Walking around in Rome with all that gear was exhausting, I definetely can't recommend it. Among other things I should have left the Nikon F100 at home, the monopod and a couple of lenses that I did not need. I missed my tripod, though. The 67 is best with the 45 or 55 lens, the 100 or 105 and maybe something inbetween. Not sure about tele lenses - I rarely use them on my 67. With the zoom 55-100 you are on the safe side and carry just one lens.

You do your back a huge favor if you get yourself a great bag and some accessories that makes it easier and more comfortable to carry around the 67 and your K5 at once. I use Lowepro and sunsniper but there are sure other good systems out there.

Where are you travelling to?
Thanks for your advice and I appreciate you sharing your experience in Rome.
I have what I consider to be a good bag, it's a large crumpler one that I can't remember the name of right now. It has a large amount of padding (for the lenses + for my back) and has a decent hiking pack style harness. I have carried up to 10kg in it before and it is heavy but OK. However if I was in a European city it would probably be way too big.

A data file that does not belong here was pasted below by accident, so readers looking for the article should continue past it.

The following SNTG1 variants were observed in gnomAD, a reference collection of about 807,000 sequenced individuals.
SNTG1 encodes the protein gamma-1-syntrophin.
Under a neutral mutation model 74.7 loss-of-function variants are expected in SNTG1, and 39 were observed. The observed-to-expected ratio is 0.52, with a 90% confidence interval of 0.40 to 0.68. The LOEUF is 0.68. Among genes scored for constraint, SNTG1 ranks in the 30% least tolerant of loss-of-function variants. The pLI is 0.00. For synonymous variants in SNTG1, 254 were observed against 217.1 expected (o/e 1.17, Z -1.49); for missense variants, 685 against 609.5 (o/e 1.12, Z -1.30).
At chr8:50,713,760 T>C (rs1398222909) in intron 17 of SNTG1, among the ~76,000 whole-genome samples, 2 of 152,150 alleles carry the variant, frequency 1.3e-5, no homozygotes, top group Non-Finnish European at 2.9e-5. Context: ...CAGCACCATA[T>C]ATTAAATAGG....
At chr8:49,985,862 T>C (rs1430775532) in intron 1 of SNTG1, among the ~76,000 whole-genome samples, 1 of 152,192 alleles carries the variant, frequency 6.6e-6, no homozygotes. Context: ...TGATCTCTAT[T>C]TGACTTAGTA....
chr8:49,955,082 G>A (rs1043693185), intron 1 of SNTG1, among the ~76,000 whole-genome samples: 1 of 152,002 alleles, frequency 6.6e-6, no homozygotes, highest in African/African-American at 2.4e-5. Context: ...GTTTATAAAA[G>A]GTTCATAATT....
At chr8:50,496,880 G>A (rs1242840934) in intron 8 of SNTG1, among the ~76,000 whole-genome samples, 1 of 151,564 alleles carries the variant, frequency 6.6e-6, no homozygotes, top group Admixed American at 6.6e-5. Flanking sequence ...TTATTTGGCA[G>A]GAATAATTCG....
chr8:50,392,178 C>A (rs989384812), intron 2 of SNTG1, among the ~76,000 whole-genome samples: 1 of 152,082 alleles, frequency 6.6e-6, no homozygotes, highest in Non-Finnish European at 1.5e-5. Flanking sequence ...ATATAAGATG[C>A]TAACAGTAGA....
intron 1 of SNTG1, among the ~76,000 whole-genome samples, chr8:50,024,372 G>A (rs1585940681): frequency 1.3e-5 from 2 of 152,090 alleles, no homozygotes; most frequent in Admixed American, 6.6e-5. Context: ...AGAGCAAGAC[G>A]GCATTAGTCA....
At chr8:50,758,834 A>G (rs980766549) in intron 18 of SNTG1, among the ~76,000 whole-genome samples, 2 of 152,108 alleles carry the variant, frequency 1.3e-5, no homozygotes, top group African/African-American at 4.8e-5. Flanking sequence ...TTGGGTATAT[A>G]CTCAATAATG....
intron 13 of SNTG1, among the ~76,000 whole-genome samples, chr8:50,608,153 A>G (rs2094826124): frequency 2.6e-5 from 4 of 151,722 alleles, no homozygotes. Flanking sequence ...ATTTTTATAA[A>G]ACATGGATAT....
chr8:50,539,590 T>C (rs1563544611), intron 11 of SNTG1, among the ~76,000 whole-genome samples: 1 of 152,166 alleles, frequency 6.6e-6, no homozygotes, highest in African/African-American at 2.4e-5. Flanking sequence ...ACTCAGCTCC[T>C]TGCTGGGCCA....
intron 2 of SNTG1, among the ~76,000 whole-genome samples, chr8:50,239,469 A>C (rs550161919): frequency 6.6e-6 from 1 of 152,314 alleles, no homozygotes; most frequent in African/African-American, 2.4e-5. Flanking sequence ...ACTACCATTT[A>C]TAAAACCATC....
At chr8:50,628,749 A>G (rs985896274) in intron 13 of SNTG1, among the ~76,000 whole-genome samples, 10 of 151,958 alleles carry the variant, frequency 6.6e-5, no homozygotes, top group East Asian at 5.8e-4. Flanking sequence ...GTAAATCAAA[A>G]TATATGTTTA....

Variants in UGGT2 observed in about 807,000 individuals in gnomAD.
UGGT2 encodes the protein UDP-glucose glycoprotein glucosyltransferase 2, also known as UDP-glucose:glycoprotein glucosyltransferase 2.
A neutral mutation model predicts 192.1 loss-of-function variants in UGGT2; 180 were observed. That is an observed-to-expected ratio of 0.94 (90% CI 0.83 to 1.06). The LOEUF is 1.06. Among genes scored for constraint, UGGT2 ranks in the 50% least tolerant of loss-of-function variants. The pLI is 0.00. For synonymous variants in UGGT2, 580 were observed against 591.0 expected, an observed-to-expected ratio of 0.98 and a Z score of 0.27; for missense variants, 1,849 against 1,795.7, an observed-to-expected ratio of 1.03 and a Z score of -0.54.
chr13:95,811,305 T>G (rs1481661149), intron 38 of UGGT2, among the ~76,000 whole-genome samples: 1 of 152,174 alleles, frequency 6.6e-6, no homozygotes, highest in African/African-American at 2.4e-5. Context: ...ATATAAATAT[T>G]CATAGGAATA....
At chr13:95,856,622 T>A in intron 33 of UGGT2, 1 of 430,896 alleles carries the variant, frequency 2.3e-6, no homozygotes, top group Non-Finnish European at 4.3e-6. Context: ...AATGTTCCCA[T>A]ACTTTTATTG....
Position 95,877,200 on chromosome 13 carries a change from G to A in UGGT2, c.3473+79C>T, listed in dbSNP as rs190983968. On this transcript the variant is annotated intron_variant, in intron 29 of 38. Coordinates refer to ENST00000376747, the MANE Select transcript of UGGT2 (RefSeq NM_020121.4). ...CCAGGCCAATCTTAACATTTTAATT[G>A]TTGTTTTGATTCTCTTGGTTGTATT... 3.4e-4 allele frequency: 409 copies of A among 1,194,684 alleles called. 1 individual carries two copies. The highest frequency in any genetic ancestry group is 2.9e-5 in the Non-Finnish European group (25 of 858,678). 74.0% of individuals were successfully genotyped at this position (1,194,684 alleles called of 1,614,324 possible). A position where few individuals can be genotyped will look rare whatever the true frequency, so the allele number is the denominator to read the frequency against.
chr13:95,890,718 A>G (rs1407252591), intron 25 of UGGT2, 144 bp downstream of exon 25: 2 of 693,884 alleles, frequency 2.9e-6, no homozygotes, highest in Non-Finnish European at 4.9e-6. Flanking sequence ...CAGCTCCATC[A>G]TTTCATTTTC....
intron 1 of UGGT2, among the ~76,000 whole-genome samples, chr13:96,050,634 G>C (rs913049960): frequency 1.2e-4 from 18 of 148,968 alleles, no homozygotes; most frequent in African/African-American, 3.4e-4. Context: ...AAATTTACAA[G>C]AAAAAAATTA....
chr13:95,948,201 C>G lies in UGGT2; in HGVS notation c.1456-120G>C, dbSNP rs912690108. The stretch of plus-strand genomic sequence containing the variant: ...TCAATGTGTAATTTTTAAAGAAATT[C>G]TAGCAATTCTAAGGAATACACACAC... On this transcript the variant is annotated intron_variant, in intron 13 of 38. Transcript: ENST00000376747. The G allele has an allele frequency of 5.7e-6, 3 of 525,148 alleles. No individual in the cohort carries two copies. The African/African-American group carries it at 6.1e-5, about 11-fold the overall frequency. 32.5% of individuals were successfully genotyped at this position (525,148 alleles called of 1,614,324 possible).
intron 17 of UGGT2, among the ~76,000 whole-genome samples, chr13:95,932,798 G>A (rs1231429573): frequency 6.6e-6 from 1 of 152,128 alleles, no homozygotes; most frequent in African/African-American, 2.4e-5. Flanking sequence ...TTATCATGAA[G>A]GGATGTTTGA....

I'm going to New Zealand and will be mostly in the country and smaller towns, hiring my own transport.

02-13-2011, 10:03 PM   #20
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Another question, which may have too many variables to answer - how much film would you take on a trip lasting about 14 days?

Last time I went I took about 10 rolls of 135x36. However this time it will be 120 and I will be dedicating a lot more time on it.
In my limited experience it would seem that film introduces it's own bulk and hassle when you put a lot of rolls together, however this time I may have the opportunity to send a box of film to my close friend's office and pick it up when I am there. Obviouslly there is some risk involved, mainly in the post...